The next few years after the turn of the millennium saw signs that the economy was moving towards firmer land. Increased exports to China and the US key market contributed to the positive figures. The recovery was facilitated by pressured world market prices for raw materials such as oil. The privatization of Japan’s gigantic post office was also seen as part of the new venture.

The US mortgage crisis and the global financial crisis in its tracks had a negative impact on the economy. Exports decreased and in 2009 the economy shrank by more than 5 percent. The government tried to deal with tax cuts for households, loan guarantees for small businesses and tax relief for home loans. Towards the end of 2010, some improvement was noted, but the camp changed in one stroke in connection with the March 2011 earthquake and tsunami disaster. imports of natural gas after the triple disaster. Important car and electronics exports were hit hard when factories were forced to cancel distribution and transport due to the damage.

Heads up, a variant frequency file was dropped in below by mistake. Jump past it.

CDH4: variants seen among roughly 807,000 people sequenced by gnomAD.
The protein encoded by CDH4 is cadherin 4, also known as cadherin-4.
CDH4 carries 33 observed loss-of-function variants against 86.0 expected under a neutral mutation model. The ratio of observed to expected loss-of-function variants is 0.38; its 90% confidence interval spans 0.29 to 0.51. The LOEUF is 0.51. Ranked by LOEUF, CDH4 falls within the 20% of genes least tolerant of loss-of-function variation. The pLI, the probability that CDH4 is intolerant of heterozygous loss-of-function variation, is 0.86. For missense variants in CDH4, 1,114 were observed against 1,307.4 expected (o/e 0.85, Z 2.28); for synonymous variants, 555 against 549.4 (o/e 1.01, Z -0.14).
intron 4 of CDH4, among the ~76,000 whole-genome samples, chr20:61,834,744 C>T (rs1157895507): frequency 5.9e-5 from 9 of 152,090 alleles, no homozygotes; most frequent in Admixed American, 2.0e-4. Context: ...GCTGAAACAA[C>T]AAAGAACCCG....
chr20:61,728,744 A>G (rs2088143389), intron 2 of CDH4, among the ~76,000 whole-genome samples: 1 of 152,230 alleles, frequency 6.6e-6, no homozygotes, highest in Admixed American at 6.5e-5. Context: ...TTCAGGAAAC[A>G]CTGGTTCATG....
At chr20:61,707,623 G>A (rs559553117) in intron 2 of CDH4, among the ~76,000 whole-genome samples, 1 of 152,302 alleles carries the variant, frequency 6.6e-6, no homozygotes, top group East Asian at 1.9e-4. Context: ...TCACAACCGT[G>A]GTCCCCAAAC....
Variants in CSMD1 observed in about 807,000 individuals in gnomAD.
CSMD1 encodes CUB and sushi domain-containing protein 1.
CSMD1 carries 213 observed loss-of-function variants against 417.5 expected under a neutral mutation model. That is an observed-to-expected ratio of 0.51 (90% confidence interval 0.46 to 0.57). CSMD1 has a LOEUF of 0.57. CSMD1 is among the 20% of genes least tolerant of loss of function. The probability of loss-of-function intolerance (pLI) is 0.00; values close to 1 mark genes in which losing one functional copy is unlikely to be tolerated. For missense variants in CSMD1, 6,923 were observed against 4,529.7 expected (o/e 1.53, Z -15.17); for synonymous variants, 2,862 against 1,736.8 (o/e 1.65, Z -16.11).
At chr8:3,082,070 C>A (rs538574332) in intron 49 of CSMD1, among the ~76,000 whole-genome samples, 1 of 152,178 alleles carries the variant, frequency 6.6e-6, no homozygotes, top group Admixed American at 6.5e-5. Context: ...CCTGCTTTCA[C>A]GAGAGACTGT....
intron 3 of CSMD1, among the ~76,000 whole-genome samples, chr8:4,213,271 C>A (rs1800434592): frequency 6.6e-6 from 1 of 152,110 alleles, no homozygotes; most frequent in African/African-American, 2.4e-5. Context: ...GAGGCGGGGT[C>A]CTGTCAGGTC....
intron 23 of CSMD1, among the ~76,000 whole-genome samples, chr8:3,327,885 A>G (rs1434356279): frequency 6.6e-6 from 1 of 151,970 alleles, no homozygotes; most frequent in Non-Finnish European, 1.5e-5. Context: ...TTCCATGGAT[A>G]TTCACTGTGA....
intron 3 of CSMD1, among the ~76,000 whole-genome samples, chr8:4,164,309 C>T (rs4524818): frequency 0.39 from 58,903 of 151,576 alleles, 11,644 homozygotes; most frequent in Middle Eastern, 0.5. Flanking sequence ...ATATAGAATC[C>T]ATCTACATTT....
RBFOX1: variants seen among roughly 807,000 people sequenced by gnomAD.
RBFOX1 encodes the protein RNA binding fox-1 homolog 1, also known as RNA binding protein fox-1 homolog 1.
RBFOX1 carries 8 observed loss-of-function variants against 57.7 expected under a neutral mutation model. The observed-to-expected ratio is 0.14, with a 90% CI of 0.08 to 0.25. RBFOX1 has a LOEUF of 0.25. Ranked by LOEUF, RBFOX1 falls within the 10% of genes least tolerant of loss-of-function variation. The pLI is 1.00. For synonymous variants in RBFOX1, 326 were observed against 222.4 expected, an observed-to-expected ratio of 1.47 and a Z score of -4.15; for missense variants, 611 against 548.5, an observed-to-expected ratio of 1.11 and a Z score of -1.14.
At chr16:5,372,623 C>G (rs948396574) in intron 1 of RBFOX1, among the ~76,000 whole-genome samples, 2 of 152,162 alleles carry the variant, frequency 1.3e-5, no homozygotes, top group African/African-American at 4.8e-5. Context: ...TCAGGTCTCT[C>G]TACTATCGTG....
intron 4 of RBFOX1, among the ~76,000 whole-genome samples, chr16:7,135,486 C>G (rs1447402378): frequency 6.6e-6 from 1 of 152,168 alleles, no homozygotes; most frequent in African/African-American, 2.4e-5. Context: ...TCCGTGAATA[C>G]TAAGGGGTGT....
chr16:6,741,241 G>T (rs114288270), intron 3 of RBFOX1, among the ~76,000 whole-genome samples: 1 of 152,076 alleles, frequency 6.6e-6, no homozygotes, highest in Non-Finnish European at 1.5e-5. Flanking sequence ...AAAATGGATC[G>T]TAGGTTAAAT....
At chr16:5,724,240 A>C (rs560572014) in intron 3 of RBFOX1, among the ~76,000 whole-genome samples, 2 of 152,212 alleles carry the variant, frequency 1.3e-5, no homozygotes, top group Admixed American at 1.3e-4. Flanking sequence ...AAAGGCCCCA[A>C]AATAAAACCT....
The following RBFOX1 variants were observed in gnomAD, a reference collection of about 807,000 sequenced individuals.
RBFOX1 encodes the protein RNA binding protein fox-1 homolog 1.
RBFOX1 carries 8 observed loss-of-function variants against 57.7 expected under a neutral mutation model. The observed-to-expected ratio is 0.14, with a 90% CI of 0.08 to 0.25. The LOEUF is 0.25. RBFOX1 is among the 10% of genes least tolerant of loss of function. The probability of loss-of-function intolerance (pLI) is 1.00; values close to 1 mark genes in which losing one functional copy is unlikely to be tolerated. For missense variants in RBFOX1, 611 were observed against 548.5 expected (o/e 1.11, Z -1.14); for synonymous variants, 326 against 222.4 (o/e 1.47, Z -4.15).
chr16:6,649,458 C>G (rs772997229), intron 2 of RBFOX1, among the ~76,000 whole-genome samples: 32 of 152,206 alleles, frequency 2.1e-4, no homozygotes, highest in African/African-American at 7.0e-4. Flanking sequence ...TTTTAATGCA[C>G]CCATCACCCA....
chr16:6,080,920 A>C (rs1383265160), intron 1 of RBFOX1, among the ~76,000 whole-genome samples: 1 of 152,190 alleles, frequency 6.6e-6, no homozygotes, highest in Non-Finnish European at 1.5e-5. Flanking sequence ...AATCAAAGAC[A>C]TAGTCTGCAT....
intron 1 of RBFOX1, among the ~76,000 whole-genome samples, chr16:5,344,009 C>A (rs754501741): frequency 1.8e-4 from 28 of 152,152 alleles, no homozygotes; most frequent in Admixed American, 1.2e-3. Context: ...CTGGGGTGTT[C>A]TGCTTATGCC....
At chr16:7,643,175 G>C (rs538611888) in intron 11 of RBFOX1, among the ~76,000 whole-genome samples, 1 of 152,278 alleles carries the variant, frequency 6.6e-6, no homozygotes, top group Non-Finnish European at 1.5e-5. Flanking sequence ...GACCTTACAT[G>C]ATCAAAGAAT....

When the LDP took over the government in December 2012, the main objective was to get the economy in order. Prime Minister Abe and his government launched a new economic policy, “Abenomics”, with extensive stimulus measures in the form of infrastructure investments in combination with a more active central bank, including through huge support purchases of Japanese government bonds. In addition, structural reforms were planned, all in an attempt to get a positive spiral of consumption, investment and new jobs.